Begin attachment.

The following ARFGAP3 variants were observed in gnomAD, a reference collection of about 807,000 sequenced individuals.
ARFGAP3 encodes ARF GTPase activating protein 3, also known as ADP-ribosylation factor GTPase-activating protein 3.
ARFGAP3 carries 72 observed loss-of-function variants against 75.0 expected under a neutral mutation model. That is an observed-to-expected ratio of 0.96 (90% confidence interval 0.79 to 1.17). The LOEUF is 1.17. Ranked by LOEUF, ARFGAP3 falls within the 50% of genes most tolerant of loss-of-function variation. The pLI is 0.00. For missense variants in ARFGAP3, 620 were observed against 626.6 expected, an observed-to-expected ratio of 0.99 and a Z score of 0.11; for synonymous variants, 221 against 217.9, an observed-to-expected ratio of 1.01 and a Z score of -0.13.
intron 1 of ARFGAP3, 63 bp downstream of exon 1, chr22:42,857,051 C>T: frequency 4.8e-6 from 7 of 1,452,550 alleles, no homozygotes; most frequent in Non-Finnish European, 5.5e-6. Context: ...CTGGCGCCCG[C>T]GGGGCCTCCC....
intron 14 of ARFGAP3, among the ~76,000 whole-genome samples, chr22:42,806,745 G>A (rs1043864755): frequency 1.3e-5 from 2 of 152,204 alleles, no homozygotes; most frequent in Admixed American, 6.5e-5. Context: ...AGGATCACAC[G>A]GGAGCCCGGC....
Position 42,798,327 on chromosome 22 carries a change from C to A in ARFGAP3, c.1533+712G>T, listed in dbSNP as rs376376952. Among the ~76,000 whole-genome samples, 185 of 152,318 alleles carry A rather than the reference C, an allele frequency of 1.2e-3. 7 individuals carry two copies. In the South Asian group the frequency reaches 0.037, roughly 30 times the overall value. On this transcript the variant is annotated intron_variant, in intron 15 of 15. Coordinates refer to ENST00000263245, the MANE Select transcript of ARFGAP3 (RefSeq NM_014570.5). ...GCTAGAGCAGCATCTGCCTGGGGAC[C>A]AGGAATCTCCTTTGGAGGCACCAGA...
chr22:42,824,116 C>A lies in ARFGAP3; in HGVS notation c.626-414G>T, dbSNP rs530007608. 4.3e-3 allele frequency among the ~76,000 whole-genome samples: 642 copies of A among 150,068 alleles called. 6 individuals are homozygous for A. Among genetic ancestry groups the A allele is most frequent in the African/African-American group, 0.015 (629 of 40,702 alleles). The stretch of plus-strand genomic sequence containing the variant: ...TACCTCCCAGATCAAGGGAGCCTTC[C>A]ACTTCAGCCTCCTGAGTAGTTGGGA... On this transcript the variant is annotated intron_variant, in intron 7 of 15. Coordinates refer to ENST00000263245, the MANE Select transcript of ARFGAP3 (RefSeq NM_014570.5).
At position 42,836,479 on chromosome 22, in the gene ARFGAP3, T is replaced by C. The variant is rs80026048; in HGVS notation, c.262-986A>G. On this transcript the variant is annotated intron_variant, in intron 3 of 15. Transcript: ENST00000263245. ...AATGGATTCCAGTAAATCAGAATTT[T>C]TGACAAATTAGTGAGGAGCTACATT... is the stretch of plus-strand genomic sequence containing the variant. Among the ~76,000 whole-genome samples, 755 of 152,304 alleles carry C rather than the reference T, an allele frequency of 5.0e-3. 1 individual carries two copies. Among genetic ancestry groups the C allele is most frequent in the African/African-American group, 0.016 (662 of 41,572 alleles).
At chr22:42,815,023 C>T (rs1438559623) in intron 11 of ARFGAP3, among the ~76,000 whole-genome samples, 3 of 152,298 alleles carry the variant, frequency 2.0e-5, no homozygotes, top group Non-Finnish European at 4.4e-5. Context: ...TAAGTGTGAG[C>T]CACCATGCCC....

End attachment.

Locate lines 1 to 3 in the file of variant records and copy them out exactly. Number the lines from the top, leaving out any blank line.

The following ARFGAP3 variants were observed in gnomAD, a reference collection of about 807,000 sequenced individuals.
ARFGAP3 encodes ARF GTPase activating protein 3, also known as ADP-ribosylation factor GTPase-activating protein 3.
ARFGAP3 carries 72 observed loss-of-function variants against 75.0 expected under a neutral mutation model. That is an observed-to-expected ratio of 0.96 (90% confidence interval 0.79 to 1.17). The LOEUF is 1.17. Ranked by LOEUF, ARFGAP3 falls within the 50% of genes most tolerant of loss-of-function variation. The pLI is 0.00. For missense variants in ARFGAP3, 620 were observed against 626.6 expected, an observed-to-expected ratio of 0.99 and a Z score of 0.11; for synonymous variants, 221 against 217.9, an observed-to-expected ratio of 1.01 and a Z score of -0.13.